Social activities allow online learners to engage in meaningful online discussions and share eLearning experiences with their peers. They are also able to build skills and expand their knowledge base by observing and modeling the behaviors of others.
5. Create eLearning Content That Is Easily Digestible
Most self-paced online learners have opted for the asynchronous approach because of their schedules. They don’t have a lot of time to learn, which means that you need to make your eLearning content easily digestible. This applies to the content formatting, as well as the length. Avoid lengthy paragraphs and highlight key information with bulleted lists. Use subheaders, italics, and bolded fonts to grab their attention.
You should also integrate microlearning materials to reinforce important ideas or concepts. For example, a brief eLearning tutorial that walks them through the task or an eLearning simulation that offers real world experience.
Last, but not least, create a clickable menu for your eLearning course, where your users can easily access different eLearning modules and activities.
And, don’t forget, if you’re stuck about what content you should provide your eLearners, you can always focus on creating an eLearning problem statement and facilitate your eLearning content development process in seconds.
6. Assess Online Learner Progress Periodically
Self-paced eLearning courses can be a bit tricky when it comes to gauging online learner progress. Facilitators aren’t in constant contact with their online learners. As such, they can’t observe their behaviors or evaluate their performance.
Thankfully, LMS solutions feature analytics and reporting tools which provide powerful insights. For example, you can see who completed the eLearning course, how long it took, and how successful they were.
eLearning assessments are also a great diagnostic tool, particularly when online learners are tested early and often. Test online learners before and after each eLearning course or module to evaluate their progress and identify strengths. This allows you to identify areas that need to be improved, as well. Then you can recommend additional eLearning activities or modules to bridge the gaps.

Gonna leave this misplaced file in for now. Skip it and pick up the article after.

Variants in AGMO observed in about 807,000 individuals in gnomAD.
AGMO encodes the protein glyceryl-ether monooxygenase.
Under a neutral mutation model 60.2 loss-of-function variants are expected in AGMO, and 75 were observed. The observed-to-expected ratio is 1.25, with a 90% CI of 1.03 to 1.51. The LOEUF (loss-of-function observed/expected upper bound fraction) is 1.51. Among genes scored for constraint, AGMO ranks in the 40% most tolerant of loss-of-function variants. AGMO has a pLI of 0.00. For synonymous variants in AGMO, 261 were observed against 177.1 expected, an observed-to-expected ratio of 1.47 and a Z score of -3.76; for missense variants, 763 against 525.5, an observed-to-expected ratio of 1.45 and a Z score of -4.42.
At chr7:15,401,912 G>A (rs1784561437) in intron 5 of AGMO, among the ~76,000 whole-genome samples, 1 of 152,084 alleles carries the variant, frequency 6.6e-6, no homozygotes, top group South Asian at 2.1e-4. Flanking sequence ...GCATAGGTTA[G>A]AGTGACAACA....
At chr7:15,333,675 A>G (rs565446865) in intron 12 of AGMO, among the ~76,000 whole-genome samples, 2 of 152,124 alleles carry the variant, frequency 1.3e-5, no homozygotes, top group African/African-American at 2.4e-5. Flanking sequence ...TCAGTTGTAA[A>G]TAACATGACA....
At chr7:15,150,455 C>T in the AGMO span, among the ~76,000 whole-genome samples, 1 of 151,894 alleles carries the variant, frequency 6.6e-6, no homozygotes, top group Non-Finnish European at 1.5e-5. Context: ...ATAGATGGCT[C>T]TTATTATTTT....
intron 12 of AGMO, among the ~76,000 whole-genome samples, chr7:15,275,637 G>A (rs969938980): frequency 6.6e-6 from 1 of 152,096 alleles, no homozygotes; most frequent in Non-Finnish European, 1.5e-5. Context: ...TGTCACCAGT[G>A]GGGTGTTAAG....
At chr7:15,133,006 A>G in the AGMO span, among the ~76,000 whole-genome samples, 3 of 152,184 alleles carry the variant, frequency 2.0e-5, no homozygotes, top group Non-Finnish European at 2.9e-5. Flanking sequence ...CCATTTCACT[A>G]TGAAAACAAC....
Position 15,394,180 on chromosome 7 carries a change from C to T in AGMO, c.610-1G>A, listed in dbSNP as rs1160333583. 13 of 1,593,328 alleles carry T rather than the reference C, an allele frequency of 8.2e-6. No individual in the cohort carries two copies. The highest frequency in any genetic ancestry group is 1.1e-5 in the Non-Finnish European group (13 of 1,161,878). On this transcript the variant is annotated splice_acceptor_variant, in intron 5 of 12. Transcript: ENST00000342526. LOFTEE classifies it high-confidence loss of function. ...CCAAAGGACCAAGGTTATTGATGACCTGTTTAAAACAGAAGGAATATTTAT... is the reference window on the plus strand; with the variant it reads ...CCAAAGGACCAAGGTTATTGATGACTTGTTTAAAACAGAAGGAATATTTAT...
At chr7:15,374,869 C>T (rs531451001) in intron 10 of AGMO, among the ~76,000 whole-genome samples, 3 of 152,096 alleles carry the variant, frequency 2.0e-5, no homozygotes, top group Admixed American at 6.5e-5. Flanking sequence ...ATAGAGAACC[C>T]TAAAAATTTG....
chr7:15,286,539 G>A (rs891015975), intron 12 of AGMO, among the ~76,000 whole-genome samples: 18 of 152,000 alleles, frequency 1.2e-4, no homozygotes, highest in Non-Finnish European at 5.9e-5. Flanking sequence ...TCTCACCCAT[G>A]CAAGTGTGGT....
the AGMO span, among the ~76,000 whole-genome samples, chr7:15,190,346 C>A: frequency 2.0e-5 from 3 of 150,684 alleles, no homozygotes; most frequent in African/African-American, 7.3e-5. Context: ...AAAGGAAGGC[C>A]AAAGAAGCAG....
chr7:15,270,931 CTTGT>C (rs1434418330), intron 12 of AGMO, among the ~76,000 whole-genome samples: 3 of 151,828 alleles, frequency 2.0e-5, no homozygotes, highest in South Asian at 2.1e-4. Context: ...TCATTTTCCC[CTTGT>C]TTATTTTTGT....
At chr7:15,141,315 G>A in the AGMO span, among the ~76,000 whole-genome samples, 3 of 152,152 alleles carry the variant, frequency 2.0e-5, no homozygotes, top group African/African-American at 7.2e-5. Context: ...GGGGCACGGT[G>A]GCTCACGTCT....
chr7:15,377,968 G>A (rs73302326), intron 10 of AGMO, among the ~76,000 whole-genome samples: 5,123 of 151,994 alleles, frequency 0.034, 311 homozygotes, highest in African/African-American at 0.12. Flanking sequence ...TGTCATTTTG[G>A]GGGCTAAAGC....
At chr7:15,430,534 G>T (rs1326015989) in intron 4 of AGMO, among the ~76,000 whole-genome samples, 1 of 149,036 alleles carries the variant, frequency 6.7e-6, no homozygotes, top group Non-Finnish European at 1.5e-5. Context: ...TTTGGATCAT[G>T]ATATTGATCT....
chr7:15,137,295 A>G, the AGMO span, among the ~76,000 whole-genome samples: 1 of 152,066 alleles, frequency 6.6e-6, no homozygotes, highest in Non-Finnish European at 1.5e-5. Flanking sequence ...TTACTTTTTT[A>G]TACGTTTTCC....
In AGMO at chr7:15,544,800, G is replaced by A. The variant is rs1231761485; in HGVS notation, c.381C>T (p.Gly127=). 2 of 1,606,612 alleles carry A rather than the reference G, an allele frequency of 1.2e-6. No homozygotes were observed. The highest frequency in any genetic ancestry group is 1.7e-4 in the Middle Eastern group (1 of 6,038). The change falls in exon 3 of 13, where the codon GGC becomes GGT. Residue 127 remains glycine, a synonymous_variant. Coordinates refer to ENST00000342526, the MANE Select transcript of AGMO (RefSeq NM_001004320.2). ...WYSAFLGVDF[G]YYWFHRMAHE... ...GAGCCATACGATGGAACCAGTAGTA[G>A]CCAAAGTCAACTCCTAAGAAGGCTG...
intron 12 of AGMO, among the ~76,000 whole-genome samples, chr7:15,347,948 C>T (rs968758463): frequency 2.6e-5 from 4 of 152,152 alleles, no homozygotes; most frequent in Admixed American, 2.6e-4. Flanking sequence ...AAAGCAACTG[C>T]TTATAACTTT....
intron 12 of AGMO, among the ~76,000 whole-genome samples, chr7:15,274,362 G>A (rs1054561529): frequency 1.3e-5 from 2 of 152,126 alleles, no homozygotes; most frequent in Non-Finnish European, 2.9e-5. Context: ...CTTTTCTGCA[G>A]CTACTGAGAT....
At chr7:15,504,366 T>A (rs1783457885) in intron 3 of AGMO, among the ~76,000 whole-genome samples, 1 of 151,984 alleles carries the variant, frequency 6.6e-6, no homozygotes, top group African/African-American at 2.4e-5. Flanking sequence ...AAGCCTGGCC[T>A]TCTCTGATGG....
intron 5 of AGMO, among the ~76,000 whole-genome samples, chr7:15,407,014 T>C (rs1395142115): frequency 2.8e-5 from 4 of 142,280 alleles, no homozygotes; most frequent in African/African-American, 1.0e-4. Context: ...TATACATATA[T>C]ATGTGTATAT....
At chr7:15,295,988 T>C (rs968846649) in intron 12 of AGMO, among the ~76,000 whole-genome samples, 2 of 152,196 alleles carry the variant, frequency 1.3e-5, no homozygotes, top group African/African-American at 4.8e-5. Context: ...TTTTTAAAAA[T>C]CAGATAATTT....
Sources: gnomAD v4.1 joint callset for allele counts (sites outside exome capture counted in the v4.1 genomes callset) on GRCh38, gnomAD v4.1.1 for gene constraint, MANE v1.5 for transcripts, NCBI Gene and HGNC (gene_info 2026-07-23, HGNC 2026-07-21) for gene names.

7. Variety Is The Spice Of Self-Paced eLearning
Boredom is the foe of self-paced eLearning. If the content doesn’t resonate with users and keep them fully engaged, chances are they won’t complete the eLearning course. This is why it’s essential to integrate a broad range of eLearning activities and cater to different learning preferences. For example, visual learners require eLearning videos and presentations, while kinesthetic learners prefer branching scenarios and serious games.
Survey your online learners beforehand to identify the best approach and create a good mix of eLearning content. This will also help you gauge their level of tech know-how, so that you can choose the ideal level of interactivity in eLearning. For instance, tech-savvy online learners prefer multimedia elements that are mobile-friendly. In addition, make sure that you include subtitles or closed captions for your online learners with disabilities.
This type of eLearning courses should allow learners to explore the subject matter on their own. But they should also have the chance to interact with their peers and receive ongoing support, as needed. Research your eLearning audience to identify their preferences, expectations, and goals so that you can provide an exceptional self-paced eLearning experience.
Do you know the key differences between asynchronous and synchronous learning? Read the article Synchronous vs Asynchronous Learning: Can You Tell the Difference? which compares and contrasts these popular approaches so that you can develop an effective eLearning strategy.